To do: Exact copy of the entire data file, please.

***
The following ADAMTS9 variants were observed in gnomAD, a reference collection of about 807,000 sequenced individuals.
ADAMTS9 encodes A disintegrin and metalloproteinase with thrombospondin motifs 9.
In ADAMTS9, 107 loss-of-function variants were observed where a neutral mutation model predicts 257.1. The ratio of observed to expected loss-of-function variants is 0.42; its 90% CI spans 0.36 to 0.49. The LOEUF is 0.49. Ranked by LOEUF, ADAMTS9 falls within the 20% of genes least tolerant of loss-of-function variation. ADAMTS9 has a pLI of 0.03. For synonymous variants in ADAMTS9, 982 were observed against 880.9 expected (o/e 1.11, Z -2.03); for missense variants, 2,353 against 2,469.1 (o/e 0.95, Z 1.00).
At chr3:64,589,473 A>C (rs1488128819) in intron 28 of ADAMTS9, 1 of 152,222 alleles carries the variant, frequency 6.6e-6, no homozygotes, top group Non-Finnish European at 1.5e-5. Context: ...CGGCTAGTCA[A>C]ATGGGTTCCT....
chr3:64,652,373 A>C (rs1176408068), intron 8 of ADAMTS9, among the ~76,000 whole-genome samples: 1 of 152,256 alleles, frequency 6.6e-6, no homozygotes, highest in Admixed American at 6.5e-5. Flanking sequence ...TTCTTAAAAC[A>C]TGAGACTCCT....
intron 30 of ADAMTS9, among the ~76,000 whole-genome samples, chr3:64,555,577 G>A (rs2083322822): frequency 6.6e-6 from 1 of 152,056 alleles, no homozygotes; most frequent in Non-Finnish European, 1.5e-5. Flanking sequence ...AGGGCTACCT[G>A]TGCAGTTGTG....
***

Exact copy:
The following ADAMTS9 variants were observed in gnomAD, a reference collection of about 807,000 sequenced individuals.
ADAMTS9 encodes A disintegrin and metalloproteinase with thrombospondin motifs 9.
In ADAMTS9, 107 loss-of-function variants were observed where a neutral mutation model predicts 257.1. The ratio of observed to expected loss-of-function variants is 0.42; its 90% CI spans 0.36 to 0.49. The LOEUF is 0.49. Ranked by LOEUF, ADAMTS9 falls within the 20% of genes least tolerant of loss-of-function variation. ADAMTS9 has a pLI of 0.03. For synonymous variants in ADAMTS9, 982 were observed against 880.9 expected (o/e 1.11, Z -2.03); for missense variants, 2,353 against 2,469.1 (o/e 0.95, Z 1.00).
At chr3:64,589,473 A>C (rs1488128819) in intron 28 of ADAMTS9, 1 of 152,222 alleles carries the variant, frequency 6.6e-6, no homozygotes, top group Non-Finnish European at 1.5e-5. Context: ...CGGCTAGTCA[A>C]ATGGGTTCCT....
chr3:64,652,373 A>C (rs1176408068), intron 8 of ADAMTS9, among the ~76,000 whole-genome samples: 1 of 152,256 alleles, frequency 6.6e-6, no homozygotes, highest in Admixed American at 6.5e-5. Flanking sequence ...TTCTTAAAAC[A>C]TGAGACTCCT....
intron 30 of ADAMTS9, among the ~76,000 whole-genome samples, chr3:64,555,577 G>A (rs2083322822): frequency 6.6e-6 from 1 of 152,056 alleles, no homozygotes; most frequent in Non-Finnish European, 1.5e-5. Flanking sequence ...AGGGCTACCT[G>A]TGCAGTTGTG....